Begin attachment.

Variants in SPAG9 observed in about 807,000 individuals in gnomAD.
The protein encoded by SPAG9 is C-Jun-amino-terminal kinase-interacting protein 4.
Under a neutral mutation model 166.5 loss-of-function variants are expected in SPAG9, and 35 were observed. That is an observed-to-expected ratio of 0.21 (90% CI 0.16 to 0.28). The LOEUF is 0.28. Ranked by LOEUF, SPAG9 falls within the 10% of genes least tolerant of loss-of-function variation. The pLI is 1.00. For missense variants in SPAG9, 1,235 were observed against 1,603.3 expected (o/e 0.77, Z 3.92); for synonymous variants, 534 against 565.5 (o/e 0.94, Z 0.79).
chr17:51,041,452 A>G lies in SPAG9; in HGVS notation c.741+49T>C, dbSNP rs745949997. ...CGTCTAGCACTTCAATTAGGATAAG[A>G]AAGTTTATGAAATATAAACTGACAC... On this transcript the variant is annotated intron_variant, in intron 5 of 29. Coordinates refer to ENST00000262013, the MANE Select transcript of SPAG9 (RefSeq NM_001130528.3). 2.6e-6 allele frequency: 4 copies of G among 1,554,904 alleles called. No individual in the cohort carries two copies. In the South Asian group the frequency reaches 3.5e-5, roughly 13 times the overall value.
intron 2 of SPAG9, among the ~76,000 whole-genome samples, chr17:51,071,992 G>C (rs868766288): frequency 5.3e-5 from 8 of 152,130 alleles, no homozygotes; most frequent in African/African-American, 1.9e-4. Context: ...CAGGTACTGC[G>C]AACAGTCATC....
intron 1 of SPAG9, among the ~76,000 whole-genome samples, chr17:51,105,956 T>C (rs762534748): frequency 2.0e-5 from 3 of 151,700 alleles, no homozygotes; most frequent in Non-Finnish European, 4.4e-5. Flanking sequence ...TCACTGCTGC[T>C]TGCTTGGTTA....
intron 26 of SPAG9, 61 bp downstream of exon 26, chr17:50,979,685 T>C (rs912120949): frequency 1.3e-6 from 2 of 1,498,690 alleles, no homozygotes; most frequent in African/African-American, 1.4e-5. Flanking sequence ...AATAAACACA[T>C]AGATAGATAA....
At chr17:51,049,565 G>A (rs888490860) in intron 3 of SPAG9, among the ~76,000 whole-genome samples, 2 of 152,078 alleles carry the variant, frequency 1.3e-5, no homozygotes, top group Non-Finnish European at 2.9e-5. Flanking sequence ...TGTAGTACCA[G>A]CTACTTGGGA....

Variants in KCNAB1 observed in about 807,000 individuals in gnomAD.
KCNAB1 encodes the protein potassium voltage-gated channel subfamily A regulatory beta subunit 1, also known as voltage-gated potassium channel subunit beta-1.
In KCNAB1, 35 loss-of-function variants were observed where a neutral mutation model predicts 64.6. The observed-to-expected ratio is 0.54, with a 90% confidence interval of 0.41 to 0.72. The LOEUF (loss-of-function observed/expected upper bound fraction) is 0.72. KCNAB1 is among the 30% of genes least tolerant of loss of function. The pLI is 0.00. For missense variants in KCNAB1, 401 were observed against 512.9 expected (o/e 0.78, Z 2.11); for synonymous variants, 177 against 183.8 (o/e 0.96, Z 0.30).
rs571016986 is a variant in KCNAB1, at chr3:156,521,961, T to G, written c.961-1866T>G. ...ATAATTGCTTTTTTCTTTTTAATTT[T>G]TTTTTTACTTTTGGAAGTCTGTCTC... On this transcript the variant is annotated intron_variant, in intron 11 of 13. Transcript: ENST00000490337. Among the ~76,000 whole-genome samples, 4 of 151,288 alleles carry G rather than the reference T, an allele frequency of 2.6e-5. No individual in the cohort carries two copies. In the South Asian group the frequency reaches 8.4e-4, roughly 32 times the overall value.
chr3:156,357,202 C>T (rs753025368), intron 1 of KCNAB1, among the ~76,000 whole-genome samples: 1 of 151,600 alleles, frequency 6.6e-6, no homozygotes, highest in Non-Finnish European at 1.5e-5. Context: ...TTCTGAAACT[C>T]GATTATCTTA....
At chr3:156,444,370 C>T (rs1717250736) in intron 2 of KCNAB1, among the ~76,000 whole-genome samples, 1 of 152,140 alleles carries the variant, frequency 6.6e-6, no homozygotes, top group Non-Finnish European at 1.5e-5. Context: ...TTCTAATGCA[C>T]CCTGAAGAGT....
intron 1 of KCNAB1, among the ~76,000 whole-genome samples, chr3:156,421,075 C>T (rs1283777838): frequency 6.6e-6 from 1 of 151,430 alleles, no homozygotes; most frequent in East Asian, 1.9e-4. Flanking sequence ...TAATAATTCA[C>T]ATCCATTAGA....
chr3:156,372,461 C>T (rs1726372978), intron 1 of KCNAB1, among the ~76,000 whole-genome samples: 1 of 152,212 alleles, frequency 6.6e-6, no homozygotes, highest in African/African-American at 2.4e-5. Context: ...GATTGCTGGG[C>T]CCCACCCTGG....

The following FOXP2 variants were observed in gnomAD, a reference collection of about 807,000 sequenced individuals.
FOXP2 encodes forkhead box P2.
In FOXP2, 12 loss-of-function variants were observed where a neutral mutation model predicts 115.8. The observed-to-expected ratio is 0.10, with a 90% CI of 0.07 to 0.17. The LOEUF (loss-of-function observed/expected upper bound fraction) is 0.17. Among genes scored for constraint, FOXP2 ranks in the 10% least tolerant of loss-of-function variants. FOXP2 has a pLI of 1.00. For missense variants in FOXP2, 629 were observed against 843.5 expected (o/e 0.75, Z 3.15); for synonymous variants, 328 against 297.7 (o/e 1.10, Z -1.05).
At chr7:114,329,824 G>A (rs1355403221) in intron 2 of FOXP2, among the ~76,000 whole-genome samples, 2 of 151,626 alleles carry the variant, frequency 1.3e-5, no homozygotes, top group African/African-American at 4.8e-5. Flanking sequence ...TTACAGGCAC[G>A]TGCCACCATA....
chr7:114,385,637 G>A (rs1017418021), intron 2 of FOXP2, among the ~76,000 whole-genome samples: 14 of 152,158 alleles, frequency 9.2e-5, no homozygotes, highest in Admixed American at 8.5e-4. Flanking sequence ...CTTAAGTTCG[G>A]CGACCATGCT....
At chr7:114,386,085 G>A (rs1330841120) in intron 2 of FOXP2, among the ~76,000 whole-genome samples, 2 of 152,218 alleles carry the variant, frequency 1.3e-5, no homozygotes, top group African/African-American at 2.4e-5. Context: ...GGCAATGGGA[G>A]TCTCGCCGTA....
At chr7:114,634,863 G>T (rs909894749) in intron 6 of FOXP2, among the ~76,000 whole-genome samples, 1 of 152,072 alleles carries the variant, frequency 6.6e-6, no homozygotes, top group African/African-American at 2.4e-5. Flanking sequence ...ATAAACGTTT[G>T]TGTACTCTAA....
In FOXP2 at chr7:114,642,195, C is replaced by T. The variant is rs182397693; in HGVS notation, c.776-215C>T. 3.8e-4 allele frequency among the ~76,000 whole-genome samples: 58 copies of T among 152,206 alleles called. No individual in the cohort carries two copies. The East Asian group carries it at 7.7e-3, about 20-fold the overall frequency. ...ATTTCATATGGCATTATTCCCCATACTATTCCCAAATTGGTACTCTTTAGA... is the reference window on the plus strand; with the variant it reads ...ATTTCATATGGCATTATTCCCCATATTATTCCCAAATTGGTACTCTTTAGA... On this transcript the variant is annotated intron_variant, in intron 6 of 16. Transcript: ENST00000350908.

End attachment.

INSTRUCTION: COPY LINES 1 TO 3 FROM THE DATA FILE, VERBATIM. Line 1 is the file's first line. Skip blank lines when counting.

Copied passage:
Variants in SPAG9 observed in about 807,000 individuals in gnomAD.
The protein encoded by SPAG9 is C-Jun-amino-terminal kinase-interacting protein 4.
Under a neutral mutation model 166.5 loss-of-function variants are expected in SPAG9, and 35 were observed. That is an observed-to-expected ratio of 0.21 (90% CI 0.16 to 0.28). The LOEUF is 0.28. Ranked by LOEUF, SPAG9 falls within the 10% of genes least tolerant of loss-of-function variation. The pLI is 1.00. For missense variants in SPAG9, 1,235 were observed against 1,603.3 expected (o/e 0.77, Z 3.92); for synonymous variants, 534 against 565.5 (o/e 0.94, Z 0.79).